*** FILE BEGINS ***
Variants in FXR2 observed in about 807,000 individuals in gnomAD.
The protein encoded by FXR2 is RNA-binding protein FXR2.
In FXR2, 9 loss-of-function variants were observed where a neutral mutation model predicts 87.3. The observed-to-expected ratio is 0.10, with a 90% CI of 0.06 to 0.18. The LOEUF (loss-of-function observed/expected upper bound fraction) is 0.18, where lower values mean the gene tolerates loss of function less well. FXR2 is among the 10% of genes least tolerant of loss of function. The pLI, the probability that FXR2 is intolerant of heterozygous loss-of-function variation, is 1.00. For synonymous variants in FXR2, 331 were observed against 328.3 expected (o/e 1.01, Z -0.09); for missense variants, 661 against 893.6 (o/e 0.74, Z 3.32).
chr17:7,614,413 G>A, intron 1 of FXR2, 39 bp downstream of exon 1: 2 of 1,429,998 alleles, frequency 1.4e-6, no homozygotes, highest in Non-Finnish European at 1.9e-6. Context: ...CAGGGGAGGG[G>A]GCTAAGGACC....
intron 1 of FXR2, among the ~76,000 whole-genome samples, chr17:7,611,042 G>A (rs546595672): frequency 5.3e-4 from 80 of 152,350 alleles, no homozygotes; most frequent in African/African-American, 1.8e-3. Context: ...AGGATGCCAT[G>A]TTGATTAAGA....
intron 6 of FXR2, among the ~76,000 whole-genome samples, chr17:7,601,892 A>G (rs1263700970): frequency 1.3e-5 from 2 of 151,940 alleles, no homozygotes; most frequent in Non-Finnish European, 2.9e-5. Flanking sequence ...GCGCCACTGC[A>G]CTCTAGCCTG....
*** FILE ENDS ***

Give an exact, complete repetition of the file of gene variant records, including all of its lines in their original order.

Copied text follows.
Variants in FXR2 observed in about 807,000 individuals in gnomAD.
The protein encoded by FXR2 is RNA-binding protein FXR2.
In FXR2, 9 loss-of-function variants were observed where a neutral mutation model predicts 87.3. The observed-to-expected ratio is 0.10, with a 90% CI of 0.06 to 0.18. The LOEUF (loss-of-function observed/expected upper bound fraction) is 0.18, where lower values mean the gene tolerates loss of function less well. FXR2 is among the 10% of genes least tolerant of loss of function. The pLI, the probability that FXR2 is intolerant of heterozygous loss-of-function variation, is 1.00. For synonymous variants in FXR2, 331 were observed against 328.3 expected (o/e 1.01, Z -0.09); for missense variants, 661 against 893.6 (o/e 0.74, Z 3.32).
chr17:7,614,413 G>A, intron 1 of FXR2, 39 bp downstream of exon 1: 2 of 1,429,998 alleles, frequency 1.4e-6, no homozygotes, highest in Non-Finnish European at 1.9e-6. Context: ...CAGGGGAGGG[G>A]GCTAAGGACC....
intron 1 of FXR2, among the ~76,000 whole-genome samples, chr17:7,611,042 G>A (rs546595672): frequency 5.3e-4 from 80 of 152,350 alleles, no homozygotes; most frequent in African/African-American, 1.8e-3. Context: ...AGGATGCCAT[G>A]TTGATTAAGA....
intron 6 of FXR2, among the ~76,000 whole-genome samples, chr17:7,601,892 A>G (rs1263700970): frequency 1.3e-5 from 2 of 151,940 alleles, no homozygotes; most frequent in Non-Finnish European, 2.9e-5. Flanking sequence ...GCGCCACTGC[A>G]CTCTAGCCTG....